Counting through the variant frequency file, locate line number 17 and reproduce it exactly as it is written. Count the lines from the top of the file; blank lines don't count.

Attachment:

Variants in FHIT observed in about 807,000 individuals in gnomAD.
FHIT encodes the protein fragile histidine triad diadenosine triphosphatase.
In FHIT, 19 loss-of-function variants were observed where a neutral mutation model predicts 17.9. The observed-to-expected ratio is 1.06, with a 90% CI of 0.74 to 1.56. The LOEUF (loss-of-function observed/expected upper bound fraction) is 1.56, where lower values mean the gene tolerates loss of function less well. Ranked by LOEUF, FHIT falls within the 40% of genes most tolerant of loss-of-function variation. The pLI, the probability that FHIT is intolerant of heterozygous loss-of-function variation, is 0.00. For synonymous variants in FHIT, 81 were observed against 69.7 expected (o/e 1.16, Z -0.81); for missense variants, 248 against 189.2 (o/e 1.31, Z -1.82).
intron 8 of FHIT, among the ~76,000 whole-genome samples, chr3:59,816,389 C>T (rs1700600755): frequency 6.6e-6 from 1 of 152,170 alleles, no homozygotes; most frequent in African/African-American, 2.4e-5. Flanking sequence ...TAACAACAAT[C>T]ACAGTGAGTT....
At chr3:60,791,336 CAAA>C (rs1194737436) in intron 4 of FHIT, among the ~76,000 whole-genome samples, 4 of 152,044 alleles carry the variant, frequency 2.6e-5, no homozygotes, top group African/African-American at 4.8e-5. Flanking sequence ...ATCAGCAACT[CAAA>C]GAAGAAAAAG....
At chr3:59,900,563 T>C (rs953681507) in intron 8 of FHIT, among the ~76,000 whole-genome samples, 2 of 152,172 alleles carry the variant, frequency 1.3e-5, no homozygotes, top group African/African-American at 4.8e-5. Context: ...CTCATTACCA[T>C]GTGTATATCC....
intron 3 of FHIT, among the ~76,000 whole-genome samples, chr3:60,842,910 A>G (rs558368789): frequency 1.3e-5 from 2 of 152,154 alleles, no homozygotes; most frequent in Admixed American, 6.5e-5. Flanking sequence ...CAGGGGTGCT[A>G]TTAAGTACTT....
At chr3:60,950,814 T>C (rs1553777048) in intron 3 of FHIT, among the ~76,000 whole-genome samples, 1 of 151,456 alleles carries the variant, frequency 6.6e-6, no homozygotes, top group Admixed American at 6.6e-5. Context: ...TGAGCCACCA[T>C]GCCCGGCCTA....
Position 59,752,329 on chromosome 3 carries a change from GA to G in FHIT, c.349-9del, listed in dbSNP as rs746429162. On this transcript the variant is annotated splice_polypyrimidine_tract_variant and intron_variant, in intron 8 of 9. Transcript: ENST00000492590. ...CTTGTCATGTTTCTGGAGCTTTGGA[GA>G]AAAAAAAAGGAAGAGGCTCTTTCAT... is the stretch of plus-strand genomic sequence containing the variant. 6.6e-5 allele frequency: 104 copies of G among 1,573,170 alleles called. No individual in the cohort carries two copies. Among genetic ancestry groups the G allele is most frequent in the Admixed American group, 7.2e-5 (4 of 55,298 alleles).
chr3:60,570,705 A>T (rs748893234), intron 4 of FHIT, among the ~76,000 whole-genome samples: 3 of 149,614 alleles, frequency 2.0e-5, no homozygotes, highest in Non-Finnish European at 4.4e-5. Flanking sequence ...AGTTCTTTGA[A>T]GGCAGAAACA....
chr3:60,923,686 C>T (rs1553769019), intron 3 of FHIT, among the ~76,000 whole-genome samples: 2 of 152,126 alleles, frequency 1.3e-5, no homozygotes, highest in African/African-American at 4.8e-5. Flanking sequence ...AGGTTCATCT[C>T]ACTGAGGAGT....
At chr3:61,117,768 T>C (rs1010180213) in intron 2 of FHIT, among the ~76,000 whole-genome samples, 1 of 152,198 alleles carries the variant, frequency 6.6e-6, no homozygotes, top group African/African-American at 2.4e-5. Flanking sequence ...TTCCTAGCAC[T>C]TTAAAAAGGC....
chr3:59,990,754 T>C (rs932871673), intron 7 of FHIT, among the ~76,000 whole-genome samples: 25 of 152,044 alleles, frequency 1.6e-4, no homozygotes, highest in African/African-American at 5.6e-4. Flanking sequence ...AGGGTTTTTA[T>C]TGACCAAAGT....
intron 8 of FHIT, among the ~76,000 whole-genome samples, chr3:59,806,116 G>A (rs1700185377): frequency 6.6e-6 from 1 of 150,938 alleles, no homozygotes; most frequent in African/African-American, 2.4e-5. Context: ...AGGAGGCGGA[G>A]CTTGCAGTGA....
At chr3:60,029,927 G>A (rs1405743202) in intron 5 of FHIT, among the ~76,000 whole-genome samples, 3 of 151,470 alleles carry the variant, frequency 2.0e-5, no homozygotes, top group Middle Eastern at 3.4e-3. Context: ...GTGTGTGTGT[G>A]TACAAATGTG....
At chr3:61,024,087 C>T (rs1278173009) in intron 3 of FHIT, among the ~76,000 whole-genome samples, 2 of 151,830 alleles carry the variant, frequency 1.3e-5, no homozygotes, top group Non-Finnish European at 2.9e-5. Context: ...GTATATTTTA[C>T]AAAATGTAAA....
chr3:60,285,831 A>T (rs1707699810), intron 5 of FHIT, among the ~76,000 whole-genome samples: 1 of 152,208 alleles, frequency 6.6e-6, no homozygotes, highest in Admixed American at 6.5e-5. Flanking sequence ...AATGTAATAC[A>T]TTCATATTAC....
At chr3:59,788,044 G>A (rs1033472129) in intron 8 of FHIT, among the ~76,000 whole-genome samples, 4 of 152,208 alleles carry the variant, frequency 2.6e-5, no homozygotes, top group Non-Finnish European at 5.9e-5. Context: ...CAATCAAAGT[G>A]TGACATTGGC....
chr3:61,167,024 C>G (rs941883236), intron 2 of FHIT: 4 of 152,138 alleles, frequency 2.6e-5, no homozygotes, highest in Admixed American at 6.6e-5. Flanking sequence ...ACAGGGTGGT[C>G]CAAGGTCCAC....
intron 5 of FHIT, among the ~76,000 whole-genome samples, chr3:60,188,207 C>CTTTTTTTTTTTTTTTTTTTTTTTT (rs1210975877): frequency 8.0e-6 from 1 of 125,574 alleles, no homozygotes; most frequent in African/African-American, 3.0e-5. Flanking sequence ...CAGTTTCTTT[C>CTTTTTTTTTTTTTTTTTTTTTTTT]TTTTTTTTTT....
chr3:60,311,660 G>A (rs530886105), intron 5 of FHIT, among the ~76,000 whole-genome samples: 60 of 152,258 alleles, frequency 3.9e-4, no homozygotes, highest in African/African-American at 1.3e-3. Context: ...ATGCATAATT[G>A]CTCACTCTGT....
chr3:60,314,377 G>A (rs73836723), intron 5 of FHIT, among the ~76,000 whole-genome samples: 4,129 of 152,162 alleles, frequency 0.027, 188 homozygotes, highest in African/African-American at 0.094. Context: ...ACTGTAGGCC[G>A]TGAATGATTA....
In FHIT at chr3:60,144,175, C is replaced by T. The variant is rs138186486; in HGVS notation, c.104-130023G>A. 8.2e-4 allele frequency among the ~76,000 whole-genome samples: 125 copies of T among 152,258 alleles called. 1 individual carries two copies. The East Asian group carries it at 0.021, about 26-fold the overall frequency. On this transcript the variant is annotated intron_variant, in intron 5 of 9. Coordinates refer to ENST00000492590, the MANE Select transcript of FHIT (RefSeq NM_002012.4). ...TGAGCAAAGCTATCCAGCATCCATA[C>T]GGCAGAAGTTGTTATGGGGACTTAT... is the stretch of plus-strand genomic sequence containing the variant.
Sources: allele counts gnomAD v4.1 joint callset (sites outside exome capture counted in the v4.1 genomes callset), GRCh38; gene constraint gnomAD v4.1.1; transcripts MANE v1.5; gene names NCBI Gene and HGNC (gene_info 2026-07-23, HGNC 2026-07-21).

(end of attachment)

chr3:60,285,831 A>T (rs1707699810), intron 5 of FHIT, among the ~76,000 whole-genome samples: 1 of 152,208 alleles, frequency 6.6e-6, no homozygotes, highest in Admixed American at 6.5e-5. Flanking sequence ...AATGTAATAC[A>T]TTCATATTAC....